Australia is a highly metro coun­try – not least because, like Mark Latham and Steve Irwin - Australia is highly suc­cess­ful at draw­ing atten­tion to itself. Oz, that scarcely-populated dusty con­tin­ent in the middle of nowhere has for many years been parad­ing in the bath­room of the global media vil­lage with its knob out.

The Australian male is still on the fron­tier – but it’s now the fron­tier of con­sumer­ism and me-dia. Call me shal­low, but if they’re endowed like Brooksby, I doubt many people, apart from whinge­ing retired male politicos with faces like a smacked Platypus, will ser­i­ously com­plain if they’re more into sack-and-crack wax­ing than sheep-shearing, ab crunches than Crocodiles.

In a medi­ated world, met­ro­sexual knobs win over ret­ro­sexual knobs.  Hand(s) over fist.

(Thanks to the web­site at worst, my best for the ‘grabs’ of Brooksby & Topak  for find­ing them)

Faux-Retrosexual Backlash: Letter to ‘Business Week’

0636covdv.gifThe Editor
Business Week


As the ‘father’ of the met­ro­sexual (and also appar­ently of his anti­thet­ical brother the ret­ro­sexual) my atten­tion was drawn to your cover art­icle ‘Secrets of the male shop­per’ by Nanette Byrnes.

Since she talked so much about my off­spring, it would have been nice if Ms Byrnes had con­tac­ted me to check some of her metro fam­ily history.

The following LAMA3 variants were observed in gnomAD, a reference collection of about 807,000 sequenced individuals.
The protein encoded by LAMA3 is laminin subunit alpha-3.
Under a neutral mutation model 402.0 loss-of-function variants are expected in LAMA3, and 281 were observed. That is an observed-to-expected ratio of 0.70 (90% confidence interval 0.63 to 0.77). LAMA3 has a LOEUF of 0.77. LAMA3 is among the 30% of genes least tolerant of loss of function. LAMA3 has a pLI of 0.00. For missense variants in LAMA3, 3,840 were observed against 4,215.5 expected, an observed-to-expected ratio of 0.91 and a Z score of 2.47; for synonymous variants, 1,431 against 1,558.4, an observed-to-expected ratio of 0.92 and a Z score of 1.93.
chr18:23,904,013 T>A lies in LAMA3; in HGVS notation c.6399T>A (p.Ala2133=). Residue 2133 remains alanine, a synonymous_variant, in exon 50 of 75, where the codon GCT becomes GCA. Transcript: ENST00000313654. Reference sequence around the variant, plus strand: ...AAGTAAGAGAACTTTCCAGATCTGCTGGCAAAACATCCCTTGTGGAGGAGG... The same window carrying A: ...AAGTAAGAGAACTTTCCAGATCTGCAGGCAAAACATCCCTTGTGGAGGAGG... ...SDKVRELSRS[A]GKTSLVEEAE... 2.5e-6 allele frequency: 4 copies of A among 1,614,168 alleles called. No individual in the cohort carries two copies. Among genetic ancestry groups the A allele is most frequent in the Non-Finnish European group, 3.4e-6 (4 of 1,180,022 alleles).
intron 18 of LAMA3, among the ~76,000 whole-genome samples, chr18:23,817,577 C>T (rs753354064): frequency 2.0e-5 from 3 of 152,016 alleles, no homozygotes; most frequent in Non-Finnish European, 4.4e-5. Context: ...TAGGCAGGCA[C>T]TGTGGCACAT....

When I first wrote about him in a UK news­pa­per in 1994 (‘Here come the mir­ror men’, Independent), I was not being insult­ing. Amused yes, but fondly so. Ambivalence was to come later.

Nor did the met­ro­sexual some­how ‘sur­face’ in the US ten years later — he was intro­duced Stateside by his father in 2002 (‘Meet the met­ro­sexual’, Salon.com). If I’d known what was com­ing I’d have groun­ded him in the UK.

US mar­keters abduc­ted him with false flat­tery and did their best to turn him into an annoy­ing fad, talk­ing incess­antly about the met­ro­sexual as ‘sens­it­ive’ and ‘in touch with his fem­in­ine side’. In fact, met­ro­sexu­al­ity is only ‘fem­in­ine’ if you believe vanity’s name is (forever) Woman.

Ironically, the final proof that men are now as self-conscious as women is the so-called ret­ro­sexual back­lash against met­ro­sexu­al­ity. As your fig­ures for boom­ing male con­sumer­ism show, it’s not really ret­ro­sexual at all. It’s faux–ret­ro­sexual. It’s Calvin Klein model Brad 6-pack Pitt lead­ing the rebel­lion against con­sumer­ism in Fight Club all over again.

Regular guys’, whatever they are/were, are fast becom­ing just another annoy­ing fad.


Mark Simpson